Lightning Poses Serious Risk for Maritime Injuries

If you work in the maritime industry, you know that lightning poses a serious risk for maritime injuries.  With hurricane season officially beginning in June, weather – and particularly lightning – becomes an even greater risk factor if you work offshore.  With storm season here, it is important that you know how to protect yourself from the devastating effects of lightning and not underestimate its power.

Lightning Poses Serious Risk for Maritime Injuries

Lightning Risk for Offshore Workers

Any job that requires you to work outdoors places you at risk when dangerous weather occurs.  Lightning is one of the most significant dangers for outdoor workers, and is a very real concern for maritime workers.  Even if the platform or rig you work on is considered to be “grounded”, do not assume that you are immune from the dangerous effects of lightning.  While lightning strikes on open water are less frequent than those occurring on land, when they occur, the damage can be extensive.

Offshore platforms and rigs are generally considered grounded because they connect to the bottom of the ocean.  Unfortunately, oil, rust, and decay can impede the direct path that energy would travel to the ground, making offshore structures extremely susceptible to electric failure, surge effects, and fire.  Due to the nature of offshore work, there is the extended risk of lightning striking cranes or tall metal structures, helicopters, pipelines, and even ships.  In contrast to the open water, offshore structures are excellent electricity conductors due to their prominence and metal composition.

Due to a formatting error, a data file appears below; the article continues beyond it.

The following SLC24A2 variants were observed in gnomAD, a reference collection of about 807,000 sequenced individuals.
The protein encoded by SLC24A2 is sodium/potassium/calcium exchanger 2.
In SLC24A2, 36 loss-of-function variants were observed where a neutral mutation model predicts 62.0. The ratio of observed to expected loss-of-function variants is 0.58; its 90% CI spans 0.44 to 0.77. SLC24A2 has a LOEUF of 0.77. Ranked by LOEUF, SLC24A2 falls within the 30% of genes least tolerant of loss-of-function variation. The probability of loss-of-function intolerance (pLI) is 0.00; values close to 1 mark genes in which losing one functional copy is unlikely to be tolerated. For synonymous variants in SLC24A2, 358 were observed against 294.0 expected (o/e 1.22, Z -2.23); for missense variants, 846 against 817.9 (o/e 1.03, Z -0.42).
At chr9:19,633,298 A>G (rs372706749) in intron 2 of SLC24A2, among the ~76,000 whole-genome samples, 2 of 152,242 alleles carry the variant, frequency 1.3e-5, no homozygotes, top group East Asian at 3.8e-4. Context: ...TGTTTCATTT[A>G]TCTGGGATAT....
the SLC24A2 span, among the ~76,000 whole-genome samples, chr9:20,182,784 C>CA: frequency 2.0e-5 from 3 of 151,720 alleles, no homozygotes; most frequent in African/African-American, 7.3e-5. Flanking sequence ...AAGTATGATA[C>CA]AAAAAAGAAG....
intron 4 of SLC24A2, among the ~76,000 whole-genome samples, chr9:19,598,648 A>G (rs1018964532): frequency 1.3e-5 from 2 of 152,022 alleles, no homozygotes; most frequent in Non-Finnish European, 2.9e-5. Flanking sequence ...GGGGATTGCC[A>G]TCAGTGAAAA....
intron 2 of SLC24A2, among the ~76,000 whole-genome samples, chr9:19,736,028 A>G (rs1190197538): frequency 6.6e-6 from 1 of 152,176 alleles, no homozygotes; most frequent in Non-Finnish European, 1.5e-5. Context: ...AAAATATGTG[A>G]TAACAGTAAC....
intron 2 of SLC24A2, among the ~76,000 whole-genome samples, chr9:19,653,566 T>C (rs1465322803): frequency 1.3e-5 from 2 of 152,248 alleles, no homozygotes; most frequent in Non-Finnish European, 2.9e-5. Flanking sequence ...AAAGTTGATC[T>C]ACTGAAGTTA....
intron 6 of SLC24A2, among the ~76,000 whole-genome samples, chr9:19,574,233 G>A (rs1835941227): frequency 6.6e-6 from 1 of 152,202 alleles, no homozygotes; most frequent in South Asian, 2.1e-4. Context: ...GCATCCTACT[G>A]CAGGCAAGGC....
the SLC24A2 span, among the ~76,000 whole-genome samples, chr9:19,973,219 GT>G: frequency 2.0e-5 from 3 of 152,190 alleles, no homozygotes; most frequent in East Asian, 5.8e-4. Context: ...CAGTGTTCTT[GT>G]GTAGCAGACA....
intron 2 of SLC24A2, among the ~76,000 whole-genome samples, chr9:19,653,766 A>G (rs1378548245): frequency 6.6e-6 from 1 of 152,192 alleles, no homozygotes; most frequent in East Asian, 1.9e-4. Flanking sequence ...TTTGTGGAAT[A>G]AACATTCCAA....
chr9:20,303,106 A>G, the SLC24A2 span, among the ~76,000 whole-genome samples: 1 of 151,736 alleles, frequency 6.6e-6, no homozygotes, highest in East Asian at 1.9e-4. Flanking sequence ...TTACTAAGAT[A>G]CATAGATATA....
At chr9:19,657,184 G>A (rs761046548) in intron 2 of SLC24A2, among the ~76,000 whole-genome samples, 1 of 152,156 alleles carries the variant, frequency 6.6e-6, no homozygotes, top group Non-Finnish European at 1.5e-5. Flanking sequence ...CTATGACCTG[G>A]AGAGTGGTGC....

Lightning and Maritime Injuries

In general, lightning is considered one of the top three weather-related causes of death in the United States.   It is important to remember that lightning does not necessarily have to strike the direct surface you are working on in order to cause injuries.  According to MedScape, there are six primary types of lightning strikes that can affect humans, which are:

  • Direct strike – Where lightning hits you directly
  • Side splash – Where lightning splashes from a nearby object
  • Contact voltage – Where electricity is conducted from an object to your skin, such as through a pipe, wiring, or plumbing
  • Ground current – Where lightning strikes and the electricity travels over the ground
  • Upward leader – Where lightning channels are incomplete
  • Blunt trauma – Where lightning strikes forcefully enough to cause an explosive blunt force reaction

Depending on which type of lightning strike you suffer, the injuries you sustain may range from mild discomfort to permanent injury or death.  Maritime injuries caused by lightning may include:

  • Brain damage – Including headaches, nausea, seizures, sleep disturbances, and personality changes
  • Autonomic nervous system damage – Including GI problems, blood pressure irregularity, dizziness, impotence, and pain syndromes
  • Peripheral nervous system damage – Including chronic pain and sensory problems